Re-ordering the landscape: landed elites and the new urban aristocracy in Manchester
O'Reilly, C 2011, 'Re-ordering the landscape: landed elites and the new urban aristocracy in Manchester ' , Urban History Review, 40 (1) , pp. 30-40. (In Press)
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This paper examines the relationship between the landed aristocracy in the vicinity of Manchester and the ‘urban aristocracy’ of the municipal authority and their role in the development of municipal parks in the city in the late nineteenth and early twentieth centuries. It contests the view that landed elites had little impact on the development of the environs of Manchester during this period and argues that their social and economic influence was gradually replaced by that of the municipal authority in an re-ordering of the social landscape. It also re-examines the role of debt in the decline of the traditional landed elites and argues that, in the case of the two families studied here, debt became a problem much earlier than others have suggested and was often chronic and persistent. The aristocracy of the Manchester area and the sales of their estates have been marginalised in existing histories as the aristocracy have been perceived as peripheral to the city’s development. It is the contention of this paper that they played a more active role in their localities than previously believed and they forged significant networks with local authorities, families, businesses and institutions. Their economic relationships with the new business elite in Manchester, represented primarily but not solely, by the municipal authority, provide an opportunity to examine the re-ordering of the social landscape as the landed elite sought to remove themselves from the city. Having symbolised the social and economic power of the aristocracy, the land now represented the civic pride and enterprise of the municipal authority. The paper reveals the complex interplay of power between these elite groups and sheds a unique light on urban land usage and the formation of leisure spaces in the city.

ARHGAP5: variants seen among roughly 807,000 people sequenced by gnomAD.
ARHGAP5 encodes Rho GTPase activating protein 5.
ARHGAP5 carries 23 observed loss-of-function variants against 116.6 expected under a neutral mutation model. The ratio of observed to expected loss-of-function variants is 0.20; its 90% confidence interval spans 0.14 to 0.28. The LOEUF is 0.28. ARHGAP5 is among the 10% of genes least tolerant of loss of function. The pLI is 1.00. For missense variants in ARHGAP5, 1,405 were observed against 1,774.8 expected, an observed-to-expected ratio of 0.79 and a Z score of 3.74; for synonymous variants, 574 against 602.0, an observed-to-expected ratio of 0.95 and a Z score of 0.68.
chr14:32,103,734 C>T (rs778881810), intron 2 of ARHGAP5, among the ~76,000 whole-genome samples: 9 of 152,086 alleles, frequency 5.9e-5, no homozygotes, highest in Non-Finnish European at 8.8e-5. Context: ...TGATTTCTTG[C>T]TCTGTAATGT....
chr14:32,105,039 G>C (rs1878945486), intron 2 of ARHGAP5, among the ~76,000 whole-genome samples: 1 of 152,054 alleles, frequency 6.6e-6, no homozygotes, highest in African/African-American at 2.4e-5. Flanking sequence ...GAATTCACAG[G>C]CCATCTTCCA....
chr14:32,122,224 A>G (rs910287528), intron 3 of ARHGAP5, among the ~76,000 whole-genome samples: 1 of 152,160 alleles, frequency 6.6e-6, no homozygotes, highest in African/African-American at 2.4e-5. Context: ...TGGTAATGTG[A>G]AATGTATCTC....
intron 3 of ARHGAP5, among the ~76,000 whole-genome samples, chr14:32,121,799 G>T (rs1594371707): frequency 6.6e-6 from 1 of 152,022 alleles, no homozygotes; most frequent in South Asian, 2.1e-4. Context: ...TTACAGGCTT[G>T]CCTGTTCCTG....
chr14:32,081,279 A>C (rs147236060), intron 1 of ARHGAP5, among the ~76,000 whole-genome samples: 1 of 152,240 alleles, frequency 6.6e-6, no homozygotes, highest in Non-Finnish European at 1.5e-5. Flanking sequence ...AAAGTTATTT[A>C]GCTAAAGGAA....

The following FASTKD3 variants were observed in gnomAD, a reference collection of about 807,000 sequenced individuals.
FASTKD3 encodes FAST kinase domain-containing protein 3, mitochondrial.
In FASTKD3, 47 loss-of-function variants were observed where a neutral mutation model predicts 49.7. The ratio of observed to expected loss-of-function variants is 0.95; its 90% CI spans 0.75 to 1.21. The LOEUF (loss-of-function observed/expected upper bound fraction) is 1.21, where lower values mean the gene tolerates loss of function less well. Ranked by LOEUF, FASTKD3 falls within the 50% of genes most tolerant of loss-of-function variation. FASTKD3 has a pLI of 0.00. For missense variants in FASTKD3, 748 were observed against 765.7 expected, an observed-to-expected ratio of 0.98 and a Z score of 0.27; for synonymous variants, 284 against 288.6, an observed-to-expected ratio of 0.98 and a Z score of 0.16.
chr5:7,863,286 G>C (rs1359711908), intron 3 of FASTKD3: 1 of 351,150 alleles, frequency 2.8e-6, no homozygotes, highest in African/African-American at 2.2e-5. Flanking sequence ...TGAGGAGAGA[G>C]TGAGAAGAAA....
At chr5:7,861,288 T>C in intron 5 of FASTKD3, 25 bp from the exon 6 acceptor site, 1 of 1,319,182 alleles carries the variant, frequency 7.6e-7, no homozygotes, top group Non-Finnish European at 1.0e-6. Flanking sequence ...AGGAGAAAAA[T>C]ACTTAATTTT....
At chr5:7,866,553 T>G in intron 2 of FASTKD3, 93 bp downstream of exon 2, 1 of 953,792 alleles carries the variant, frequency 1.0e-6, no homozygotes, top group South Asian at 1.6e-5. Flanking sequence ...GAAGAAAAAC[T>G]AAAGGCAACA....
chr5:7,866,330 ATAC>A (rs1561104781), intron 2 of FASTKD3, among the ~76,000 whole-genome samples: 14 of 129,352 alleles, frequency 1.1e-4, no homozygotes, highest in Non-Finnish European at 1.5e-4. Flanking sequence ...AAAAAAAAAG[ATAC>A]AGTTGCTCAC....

|Themes:||Subjects / Themes > D History General and Old World > D History (General) > D204 Modern History|
Subjects / Themes > D History General and Old World > DA Great Britain
Subjects / Themes > H Social Sciences > HN Social history and conditions. Social problems. Social reform
Subjects / Themes > H Social Sciences > HT Communities. Classes. Races
Memory, Text and Place
Subjects outside of the University Themes
|Schools:||Colleges and Schools > College of Arts & Social Sciences|
Colleges and Schools > College of Arts & Social Sciences > School of Arts & Media > Communication, Cultural & Media Studies Research Centre
Colleges and Schools > College of Arts & Social Sciences > School of Arts & Media
|Journal or Publication Title:||Urban History Review|
|Depositing User:||Dr Carole O'Reilly|
|Date Deposited:||13 Sep 2011 09:36|
|Last Modified:||15 Feb 2012 11:52|
Available Versions of this Item
- Arisotcratic fortune to civic aspiration: The role of landed elites in the development of Manchester's parks. (deposited 26 Nov 2010 13:53)
- Re-ordering the landscape: landed elites and the new urban aristocracy in Manchester. (deposited 13 Sep 2011 09:36)[Currently Displayed]
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